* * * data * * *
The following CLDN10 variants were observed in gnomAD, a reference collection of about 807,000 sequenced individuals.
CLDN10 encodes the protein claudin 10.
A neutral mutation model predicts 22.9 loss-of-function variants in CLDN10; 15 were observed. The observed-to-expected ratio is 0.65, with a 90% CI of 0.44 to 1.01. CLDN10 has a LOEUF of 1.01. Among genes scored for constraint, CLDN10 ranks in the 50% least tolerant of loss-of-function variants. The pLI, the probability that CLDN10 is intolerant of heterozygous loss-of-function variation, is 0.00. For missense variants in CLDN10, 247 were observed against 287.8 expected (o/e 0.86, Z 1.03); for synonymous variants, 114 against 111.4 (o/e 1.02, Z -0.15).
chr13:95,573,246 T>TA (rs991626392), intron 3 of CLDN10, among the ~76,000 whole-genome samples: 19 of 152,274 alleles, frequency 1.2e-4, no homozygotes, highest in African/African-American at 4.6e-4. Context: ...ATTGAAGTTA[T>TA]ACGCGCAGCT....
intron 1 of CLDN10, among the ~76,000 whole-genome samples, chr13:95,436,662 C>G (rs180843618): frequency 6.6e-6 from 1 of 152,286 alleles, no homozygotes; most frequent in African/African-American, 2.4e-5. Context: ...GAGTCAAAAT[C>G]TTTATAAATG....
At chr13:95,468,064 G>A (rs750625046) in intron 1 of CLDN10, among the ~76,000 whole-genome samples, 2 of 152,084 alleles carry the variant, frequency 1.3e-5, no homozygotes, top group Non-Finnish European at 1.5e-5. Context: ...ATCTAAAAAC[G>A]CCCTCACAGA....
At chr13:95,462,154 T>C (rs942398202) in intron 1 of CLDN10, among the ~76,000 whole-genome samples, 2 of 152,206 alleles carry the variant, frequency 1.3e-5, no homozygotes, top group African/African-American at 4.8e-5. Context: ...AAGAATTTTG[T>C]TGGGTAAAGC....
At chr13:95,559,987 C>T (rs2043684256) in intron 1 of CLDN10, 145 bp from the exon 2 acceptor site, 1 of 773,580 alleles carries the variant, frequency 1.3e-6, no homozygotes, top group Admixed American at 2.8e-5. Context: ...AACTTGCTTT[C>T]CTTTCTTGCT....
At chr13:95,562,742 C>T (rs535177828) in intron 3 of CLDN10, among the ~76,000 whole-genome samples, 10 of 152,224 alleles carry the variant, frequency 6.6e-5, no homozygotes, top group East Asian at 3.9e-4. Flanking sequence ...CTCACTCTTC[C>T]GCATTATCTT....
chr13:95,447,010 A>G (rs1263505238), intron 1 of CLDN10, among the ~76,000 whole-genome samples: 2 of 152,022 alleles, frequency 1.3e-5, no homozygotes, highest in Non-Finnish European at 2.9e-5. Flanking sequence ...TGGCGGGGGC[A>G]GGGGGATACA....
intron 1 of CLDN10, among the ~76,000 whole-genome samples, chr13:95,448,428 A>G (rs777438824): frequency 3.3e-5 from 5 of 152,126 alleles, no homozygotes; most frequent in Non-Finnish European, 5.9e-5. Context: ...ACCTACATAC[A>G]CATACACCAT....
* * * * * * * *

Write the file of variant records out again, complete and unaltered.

The following CLDN10 variants were observed in gnomAD, a reference collection of about 807,000 sequenced individuals.
CLDN10 encodes the protein claudin 10.
A neutral mutation model predicts 22.9 loss-of-function variants in CLDN10; 15 were observed. The observed-to-expected ratio is 0.65, with a 90% CI of 0.44 to 1.01. CLDN10 has a LOEUF of 1.01. Among genes scored for constraint, CLDN10 ranks in the 50% least tolerant of loss-of-function variants. The pLI, the probability that CLDN10 is intolerant of heterozygous loss-of-function variation, is 0.00. For missense variants in CLDN10, 247 were observed against 287.8 expected (o/e 0.86, Z 1.03); for synonymous variants, 114 against 111.4 (o/e 1.02, Z -0.15).
chr13:95,573,246 T>TA (rs991626392), intron 3 of CLDN10, among the ~76,000 whole-genome samples: 19 of 152,274 alleles, frequency 1.2e-4, no homozygotes, highest in African/African-American at 4.6e-4. Context: ...ATTGAAGTTA[T>TA]ACGCGCAGCT....
intron 1 of CLDN10, among the ~76,000 whole-genome samples, chr13:95,436,662 C>G (rs180843618): frequency 6.6e-6 from 1 of 152,286 alleles, no homozygotes; most frequent in African/African-American, 2.4e-5. Context: ...GAGTCAAAAT[C>G]TTTATAAATG....
At chr13:95,468,064 G>A (rs750625046) in intron 1 of CLDN10, among the ~76,000 whole-genome samples, 2 of 152,084 alleles carry the variant, frequency 1.3e-5, no homozygotes, top group Non-Finnish European at 1.5e-5. Context: ...ATCTAAAAAC[G>A]CCCTCACAGA....
At chr13:95,462,154 T>C (rs942398202) in intron 1 of CLDN10, among the ~76,000 whole-genome samples, 2 of 152,206 alleles carry the variant, frequency 1.3e-5, no homozygotes, top group African/African-American at 4.8e-5. Context: ...AAGAATTTTG[T>C]TGGGTAAAGC....
At chr13:95,559,987 C>T (rs2043684256) in intron 1 of CLDN10, 145 bp from the exon 2 acceptor site, 1 of 773,580 alleles carries the variant, frequency 1.3e-6, no homozygotes, top group Admixed American at 2.8e-5. Context: ...AACTTGCTTT[C>T]CTTTCTTGCT....
At chr13:95,562,742 C>T (rs535177828) in intron 3 of CLDN10, among the ~76,000 whole-genome samples, 10 of 152,224 alleles carry the variant, frequency 6.6e-5, no homozygotes, top group East Asian at 3.9e-4. Flanking sequence ...CTCACTCTTC[C>T]GCATTATCTT....
chr13:95,447,010 A>G (rs1263505238), intron 1 of CLDN10, among the ~76,000 whole-genome samples: 2 of 152,022 alleles, frequency 1.3e-5, no homozygotes, highest in Non-Finnish European at 2.9e-5. Flanking sequence ...TGGCGGGGGC[A>G]GGGGGATACA....
intron 1 of CLDN10, among the ~76,000 whole-genome samples, chr13:95,448,428 A>G (rs777438824): frequency 3.3e-5 from 5 of 152,126 alleles, no homozygotes; most frequent in Non-Finnish European, 5.9e-5. Context: ...ACCTACATAC[A>G]CATACACCAT....